I know a good deal about this process because I've experienced what is now called bipolar disorder. It used to be described as manic depression. Bipolar disorder, in its more extreme manifestations, is a tendency to be repeatedly sucked down the black hole of one's defining wound and then spat out again. And, as with most forms of psychological disorder, fear is the key problem. In the manic phase one touches Heaven, one reunites with the inner child and the inhibitions of adult neurosis are abandoned. But there are two problems. One is that losing one's inhibitions and behaving like a child leads to trouble. Just because the neurotic adult state may be unhealthy in a way we may identify with cannibalistic zombies, doesn't mean that a grown man running around naked in a hospital emergency room were people have serious problems that need attending to is not just as, if not more, of an unhealthy manifestation within the social system. The other problem is fear. The descent into the child state is generally precipitated by a serious crisis – often some kind of double bind situation in which we are damned if we do something and equally damned if we do not (see Bateson, Gregory. Steps to an Ecology of Mind, 1972). What we are looking for is reassurance. Simply being dumped back into our childlike state does not provide that reassurance. It happens too quickly. And we have to remember that when we were a child we were particularly prone to fears. We might feel the need to check under our bed for monsters. And because the process of being sucked down the black hole is one of cycling through opposites – yin, yang, yin, yang, yin, yang – a prediction of that which is desired is likely to quickly be followed by a prediction of that which is to be feared. A classic example from my own major episode was when I was in the emergency room. I thought a bunch of sexy female nurses were going to drag me off into some shower room for an orgy. But that was immediately followed by a sense of terror that, when they were finished having sex with me, they would eat me alive, beginning by biting my fingers off one by one.

Gregory Bateson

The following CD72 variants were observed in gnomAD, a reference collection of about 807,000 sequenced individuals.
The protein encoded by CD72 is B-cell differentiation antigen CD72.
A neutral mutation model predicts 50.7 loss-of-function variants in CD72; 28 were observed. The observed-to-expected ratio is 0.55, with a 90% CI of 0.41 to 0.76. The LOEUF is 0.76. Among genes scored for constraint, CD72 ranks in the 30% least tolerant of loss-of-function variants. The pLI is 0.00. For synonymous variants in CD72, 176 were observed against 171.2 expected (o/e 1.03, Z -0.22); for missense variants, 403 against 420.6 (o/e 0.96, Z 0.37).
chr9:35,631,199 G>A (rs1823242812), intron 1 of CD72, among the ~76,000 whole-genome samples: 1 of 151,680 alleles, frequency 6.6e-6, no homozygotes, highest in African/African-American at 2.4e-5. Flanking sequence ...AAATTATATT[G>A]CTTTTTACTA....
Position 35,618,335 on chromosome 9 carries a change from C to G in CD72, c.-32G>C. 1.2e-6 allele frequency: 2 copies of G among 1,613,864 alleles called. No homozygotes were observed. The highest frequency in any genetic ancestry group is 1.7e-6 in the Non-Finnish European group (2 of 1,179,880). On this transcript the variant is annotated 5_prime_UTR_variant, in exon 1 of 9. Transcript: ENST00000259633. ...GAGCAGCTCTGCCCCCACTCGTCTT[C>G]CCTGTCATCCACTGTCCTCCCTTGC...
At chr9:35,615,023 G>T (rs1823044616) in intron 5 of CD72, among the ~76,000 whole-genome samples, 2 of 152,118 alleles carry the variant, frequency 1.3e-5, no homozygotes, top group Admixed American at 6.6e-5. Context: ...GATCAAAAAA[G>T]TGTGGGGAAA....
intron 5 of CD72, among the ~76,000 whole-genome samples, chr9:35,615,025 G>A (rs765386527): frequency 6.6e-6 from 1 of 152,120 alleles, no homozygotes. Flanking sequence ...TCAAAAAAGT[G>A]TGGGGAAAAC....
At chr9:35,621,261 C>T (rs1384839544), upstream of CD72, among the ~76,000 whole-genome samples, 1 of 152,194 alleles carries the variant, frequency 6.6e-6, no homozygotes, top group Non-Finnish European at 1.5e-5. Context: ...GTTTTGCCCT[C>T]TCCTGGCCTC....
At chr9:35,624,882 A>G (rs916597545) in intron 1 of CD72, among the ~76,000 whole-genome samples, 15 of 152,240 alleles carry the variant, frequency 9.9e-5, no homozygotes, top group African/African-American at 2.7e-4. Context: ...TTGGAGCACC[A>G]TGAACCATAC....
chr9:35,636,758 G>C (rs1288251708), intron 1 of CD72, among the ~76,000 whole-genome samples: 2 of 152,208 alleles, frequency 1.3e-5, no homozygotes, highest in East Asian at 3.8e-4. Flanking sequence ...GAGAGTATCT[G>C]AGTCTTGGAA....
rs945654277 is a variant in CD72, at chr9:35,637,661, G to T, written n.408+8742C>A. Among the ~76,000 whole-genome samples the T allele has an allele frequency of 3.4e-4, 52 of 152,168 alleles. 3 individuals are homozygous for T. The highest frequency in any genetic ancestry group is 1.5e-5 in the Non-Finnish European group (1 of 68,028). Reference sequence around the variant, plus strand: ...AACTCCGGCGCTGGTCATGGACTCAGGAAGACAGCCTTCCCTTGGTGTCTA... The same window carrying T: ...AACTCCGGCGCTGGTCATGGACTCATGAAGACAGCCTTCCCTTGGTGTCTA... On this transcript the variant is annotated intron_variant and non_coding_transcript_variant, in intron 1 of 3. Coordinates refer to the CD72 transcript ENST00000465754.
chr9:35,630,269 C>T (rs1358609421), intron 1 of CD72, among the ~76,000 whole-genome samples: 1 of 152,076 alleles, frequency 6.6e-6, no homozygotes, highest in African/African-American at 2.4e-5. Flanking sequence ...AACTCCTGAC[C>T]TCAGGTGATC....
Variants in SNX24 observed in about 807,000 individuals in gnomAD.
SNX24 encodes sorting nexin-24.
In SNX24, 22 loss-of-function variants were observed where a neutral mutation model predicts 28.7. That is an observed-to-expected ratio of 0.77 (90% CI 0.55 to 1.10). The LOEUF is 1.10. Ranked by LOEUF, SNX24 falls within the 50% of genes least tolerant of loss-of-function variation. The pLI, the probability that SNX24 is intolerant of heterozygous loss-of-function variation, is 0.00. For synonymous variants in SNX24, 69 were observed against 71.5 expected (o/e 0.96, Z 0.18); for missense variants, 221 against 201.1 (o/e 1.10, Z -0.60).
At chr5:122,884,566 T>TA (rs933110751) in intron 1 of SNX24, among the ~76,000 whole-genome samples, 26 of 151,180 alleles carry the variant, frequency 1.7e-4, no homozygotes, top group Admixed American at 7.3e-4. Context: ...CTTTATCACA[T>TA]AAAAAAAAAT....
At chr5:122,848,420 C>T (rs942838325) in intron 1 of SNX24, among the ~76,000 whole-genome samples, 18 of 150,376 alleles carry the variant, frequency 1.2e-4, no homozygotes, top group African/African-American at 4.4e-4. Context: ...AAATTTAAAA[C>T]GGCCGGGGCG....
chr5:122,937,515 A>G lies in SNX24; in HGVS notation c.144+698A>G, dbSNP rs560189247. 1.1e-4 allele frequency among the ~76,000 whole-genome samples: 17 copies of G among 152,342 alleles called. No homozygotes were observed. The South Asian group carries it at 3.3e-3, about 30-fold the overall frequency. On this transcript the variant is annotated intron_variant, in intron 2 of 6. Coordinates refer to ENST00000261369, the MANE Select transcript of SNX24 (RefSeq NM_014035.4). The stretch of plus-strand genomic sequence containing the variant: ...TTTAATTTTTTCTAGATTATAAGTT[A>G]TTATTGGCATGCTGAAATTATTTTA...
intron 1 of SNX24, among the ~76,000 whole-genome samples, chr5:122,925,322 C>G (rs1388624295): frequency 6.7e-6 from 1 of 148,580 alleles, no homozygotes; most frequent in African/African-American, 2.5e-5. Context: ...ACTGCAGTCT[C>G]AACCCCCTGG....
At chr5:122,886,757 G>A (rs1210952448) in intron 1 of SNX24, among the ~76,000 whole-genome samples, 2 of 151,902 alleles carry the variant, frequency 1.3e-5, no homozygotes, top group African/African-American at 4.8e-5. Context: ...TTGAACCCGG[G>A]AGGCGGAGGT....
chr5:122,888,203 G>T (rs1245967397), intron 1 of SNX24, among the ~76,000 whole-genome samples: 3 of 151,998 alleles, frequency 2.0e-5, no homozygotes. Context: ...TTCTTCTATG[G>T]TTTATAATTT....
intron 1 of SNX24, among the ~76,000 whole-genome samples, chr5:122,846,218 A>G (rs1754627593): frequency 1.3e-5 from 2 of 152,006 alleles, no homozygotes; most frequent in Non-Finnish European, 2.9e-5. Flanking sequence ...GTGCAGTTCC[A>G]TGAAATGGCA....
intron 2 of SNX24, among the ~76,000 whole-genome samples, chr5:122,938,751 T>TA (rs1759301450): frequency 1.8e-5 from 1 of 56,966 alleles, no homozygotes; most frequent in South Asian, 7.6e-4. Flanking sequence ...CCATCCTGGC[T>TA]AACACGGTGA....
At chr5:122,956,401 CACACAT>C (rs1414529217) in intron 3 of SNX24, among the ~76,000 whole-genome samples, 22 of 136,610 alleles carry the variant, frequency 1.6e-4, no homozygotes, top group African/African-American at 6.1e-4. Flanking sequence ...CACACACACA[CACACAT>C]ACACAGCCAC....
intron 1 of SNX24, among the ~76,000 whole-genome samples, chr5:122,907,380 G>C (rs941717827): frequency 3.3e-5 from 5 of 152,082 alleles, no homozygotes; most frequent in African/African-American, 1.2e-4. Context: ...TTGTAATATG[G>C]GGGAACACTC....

So highs can be scary and the disruption they cause to our lives can be extreme. For this reason there is a tendency to pull back from them to an extremely repressed state – that of depression. At some stage though, for our own healing, we have to return to the creative maelstrom of mania. What I've come to realise over time is that the key to managing this process is to replace fear with understanding and acceptance of the process. There are four things which can lead to problems for a person in a manic state – fear, reckless behaviour, taking thoughts too literally and talking too freely. Fear drives the excitement level and makes it hard to get enough sleep or to restrain one's reckless behaviour. The thoughts of the manic state are prophetic, but not to be taken literally. They have to be interpreted. The thought that we should be naked should not be seen as a rationale for shedding our clothes in public but rather as an inducement to shed our neurotic armouring. And it is not necessary to talk about our experiences if we think that those around us will interpret what we say as a reason to impose unwanted psychiatric care upon us.

I once read about a man who believed himself to have a fish in his jaw. (The case was reported in New Society.) This fish moved around, and caused him a lot of discomfort. When he tried to tell people about the fish, they thought him crazy', which led to violent arguments. After he'd been hospitalised several times – with no effect on the fish – it was suggested that perhaps he shouldn't tell anyone. After all it was the quarrels that were getting him put away, rather than the delusion. Once he'd agreed to keep his problem secret, he was able to lead a normal life. His sanity is like our sanity. We may not have a fish in our jaw, but we all have its equivalent.

Johnstone, Keith. Impro, Improvisation and the Theatre (Eyre Methuen, 1981)

By understanding the process of going back to that childlike state, I now find that I don't suffer from depression any more and that I go to that state more often and find it a less volatile place to be. The process of improvisation is the best way to understand that place – one of openness in which we see that those who are closed off are closed off because they are fearful and long only for us to give them permission to be free. What keeps us from Paradise is the feeling that we don't really deserve to go there, and there is no more powerful way to have this false belief challenged than to have the door opened for us by someone who is already on the inside.